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Tillabooks: Will's Book Blog

Sunday, November 07, 2004

Rachel & Leah by Orson Scott Card

Rachel & Leah by Orson Scott Card. Series: Women of Genesis. Salt Lake City, Utah: Shadow Mountain, 2004. ISBN: 1-57008-996-5

This is the third in Orson Scott Card's "Women of Genesis" series. And like the previous two, it is an eminently readable book that will certainly appeal to those with a Christian background, but whose appeal should be far wider, if other readers give it a chance. If you've enjoyed Orson Scott Card's writing in other genres, primarily science fiction and fantasy, then you may well enjoy his writing here, also. Particularly if it's his WRITING that you enjoy, not just his subject matter.

I do have to say that Card's version of this Bible story, the first half of the story of Jacob and the daughters of Laban, plus their "handmaidens," Zilpah and Bilhah, puts a bit more of a strain on my credulity than did the first two books, which related the stories of Sarah and Rebekah, respectively. I wrote about Rebekah that after reading it, one might agree that not only is this an accurate depiction of how it "might have been," but possibly even how it "ought to have been."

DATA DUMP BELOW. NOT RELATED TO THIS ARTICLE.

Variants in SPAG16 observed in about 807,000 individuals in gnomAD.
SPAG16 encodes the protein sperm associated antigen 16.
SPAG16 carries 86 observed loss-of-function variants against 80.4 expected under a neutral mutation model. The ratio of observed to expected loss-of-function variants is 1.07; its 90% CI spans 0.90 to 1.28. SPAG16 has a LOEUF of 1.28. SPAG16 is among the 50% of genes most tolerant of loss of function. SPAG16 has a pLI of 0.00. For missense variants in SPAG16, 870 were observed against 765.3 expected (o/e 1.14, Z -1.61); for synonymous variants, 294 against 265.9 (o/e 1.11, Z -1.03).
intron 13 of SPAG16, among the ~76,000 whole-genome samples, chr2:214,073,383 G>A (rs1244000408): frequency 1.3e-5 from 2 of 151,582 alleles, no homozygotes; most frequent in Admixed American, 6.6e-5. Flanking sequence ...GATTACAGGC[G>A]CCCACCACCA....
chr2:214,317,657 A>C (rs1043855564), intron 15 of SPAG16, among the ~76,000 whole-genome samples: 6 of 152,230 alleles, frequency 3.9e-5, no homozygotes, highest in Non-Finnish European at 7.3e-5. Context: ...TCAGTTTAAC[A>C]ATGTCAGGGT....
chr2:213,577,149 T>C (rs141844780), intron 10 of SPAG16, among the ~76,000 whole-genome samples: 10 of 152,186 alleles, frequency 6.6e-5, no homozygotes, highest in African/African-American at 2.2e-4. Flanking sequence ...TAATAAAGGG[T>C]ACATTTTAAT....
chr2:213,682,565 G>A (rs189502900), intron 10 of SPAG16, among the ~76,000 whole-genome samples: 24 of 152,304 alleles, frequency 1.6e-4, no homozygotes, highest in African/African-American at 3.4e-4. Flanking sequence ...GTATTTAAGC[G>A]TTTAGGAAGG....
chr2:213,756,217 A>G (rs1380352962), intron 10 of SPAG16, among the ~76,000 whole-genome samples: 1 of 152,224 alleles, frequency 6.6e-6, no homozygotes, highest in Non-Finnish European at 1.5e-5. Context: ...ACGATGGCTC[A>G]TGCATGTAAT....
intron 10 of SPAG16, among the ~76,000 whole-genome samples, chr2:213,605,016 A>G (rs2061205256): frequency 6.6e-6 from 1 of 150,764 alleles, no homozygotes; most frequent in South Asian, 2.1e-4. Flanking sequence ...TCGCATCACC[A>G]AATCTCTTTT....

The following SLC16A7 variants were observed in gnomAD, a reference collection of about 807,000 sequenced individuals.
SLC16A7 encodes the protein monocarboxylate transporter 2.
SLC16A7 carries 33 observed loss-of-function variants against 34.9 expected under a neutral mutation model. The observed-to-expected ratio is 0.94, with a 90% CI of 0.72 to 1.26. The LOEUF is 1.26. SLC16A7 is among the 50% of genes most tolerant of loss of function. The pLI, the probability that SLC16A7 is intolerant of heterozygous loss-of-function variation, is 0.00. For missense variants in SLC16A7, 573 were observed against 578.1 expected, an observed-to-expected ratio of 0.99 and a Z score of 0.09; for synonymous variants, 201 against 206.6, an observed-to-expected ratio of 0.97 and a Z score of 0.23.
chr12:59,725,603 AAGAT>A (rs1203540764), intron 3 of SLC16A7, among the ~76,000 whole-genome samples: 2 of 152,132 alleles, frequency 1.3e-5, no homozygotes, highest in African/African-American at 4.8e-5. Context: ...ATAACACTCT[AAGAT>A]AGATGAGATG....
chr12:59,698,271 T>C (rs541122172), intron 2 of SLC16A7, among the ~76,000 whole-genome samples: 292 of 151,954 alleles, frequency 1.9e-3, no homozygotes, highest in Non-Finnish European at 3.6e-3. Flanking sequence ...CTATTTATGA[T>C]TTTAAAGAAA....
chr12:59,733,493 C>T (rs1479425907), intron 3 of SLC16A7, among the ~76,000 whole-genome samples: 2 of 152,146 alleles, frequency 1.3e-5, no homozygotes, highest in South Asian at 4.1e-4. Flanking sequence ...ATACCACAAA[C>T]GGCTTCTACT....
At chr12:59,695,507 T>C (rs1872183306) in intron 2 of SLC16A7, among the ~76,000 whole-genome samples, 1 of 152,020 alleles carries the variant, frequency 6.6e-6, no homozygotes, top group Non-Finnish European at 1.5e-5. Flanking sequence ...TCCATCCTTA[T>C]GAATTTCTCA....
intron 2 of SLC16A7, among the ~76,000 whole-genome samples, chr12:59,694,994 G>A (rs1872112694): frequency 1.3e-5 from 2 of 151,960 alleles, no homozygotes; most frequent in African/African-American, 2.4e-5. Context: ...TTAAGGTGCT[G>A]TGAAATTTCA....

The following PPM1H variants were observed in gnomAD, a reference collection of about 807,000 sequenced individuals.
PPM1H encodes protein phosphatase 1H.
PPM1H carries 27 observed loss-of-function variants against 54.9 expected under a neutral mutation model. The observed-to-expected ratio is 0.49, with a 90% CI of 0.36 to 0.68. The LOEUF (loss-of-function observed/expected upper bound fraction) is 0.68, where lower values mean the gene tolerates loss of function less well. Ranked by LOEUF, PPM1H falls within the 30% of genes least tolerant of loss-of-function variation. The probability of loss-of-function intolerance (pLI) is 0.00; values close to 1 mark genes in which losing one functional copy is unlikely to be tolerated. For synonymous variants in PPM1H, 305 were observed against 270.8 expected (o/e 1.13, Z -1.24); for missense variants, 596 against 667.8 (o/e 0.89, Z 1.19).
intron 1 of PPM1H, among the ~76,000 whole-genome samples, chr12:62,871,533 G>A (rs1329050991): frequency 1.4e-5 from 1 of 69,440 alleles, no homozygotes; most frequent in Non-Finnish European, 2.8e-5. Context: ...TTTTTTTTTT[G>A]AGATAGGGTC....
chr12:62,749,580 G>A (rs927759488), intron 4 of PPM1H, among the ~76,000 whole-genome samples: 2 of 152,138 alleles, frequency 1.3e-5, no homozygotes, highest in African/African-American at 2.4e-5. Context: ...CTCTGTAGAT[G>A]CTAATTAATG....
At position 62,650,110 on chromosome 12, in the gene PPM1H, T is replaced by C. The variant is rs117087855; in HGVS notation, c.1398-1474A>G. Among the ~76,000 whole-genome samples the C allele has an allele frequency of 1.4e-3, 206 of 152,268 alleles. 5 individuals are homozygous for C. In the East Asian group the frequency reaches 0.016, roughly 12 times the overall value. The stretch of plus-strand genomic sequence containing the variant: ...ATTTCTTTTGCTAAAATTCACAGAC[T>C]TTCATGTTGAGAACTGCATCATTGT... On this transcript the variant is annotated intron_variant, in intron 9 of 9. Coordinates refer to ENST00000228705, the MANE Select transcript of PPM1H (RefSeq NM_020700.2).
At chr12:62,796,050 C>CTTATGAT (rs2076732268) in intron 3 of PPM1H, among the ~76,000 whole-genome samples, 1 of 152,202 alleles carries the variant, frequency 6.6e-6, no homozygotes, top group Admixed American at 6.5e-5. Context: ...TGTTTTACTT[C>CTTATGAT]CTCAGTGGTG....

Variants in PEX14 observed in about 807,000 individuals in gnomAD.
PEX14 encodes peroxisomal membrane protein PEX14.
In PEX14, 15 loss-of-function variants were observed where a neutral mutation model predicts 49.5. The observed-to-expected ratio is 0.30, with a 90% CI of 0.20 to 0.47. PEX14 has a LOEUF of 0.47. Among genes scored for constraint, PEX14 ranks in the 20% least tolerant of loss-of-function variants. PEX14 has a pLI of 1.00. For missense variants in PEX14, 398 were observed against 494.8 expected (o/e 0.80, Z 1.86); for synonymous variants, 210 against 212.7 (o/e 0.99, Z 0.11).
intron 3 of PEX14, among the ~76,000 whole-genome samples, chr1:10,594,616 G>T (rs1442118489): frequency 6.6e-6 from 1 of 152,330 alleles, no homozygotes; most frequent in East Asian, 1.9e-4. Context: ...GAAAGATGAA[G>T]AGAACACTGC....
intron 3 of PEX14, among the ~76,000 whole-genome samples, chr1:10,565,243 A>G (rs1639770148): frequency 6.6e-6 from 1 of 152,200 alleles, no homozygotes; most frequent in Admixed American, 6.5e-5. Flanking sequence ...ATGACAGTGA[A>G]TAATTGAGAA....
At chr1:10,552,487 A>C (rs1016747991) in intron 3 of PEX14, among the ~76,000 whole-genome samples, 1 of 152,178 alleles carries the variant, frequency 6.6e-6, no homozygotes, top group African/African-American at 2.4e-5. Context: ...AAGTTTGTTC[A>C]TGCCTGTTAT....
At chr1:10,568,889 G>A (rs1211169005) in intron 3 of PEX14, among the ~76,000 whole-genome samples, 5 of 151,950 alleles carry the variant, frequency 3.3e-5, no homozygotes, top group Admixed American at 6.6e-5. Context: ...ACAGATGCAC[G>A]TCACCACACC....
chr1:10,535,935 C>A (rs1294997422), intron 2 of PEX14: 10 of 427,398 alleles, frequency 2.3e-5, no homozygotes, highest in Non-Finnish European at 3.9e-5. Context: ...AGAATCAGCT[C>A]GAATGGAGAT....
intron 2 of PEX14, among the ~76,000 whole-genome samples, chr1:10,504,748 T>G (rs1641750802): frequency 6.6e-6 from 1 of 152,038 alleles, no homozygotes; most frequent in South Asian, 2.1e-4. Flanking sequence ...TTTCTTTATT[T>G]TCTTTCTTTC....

I'm not sure I'd be willing to go quite that far this time, as Card spins a very convoluted and not entirely convincing version of how Laban tricked Jacob into marrying Leah instead of Rebekah. He works a little too hard to make it appear to have been an almost honest accident, instead of the deliberate deception that is certainly implied if not overtly stated in the relatively sparse Biblical account. This is more the way an optimist might WISH that it had happened than an attempt at accurately depicting what probably DID happen.

Still, it is an eminently readable book, and sure to be enjoyed by anyone who is casually interested in Old Testament stories. Definitely recommended.

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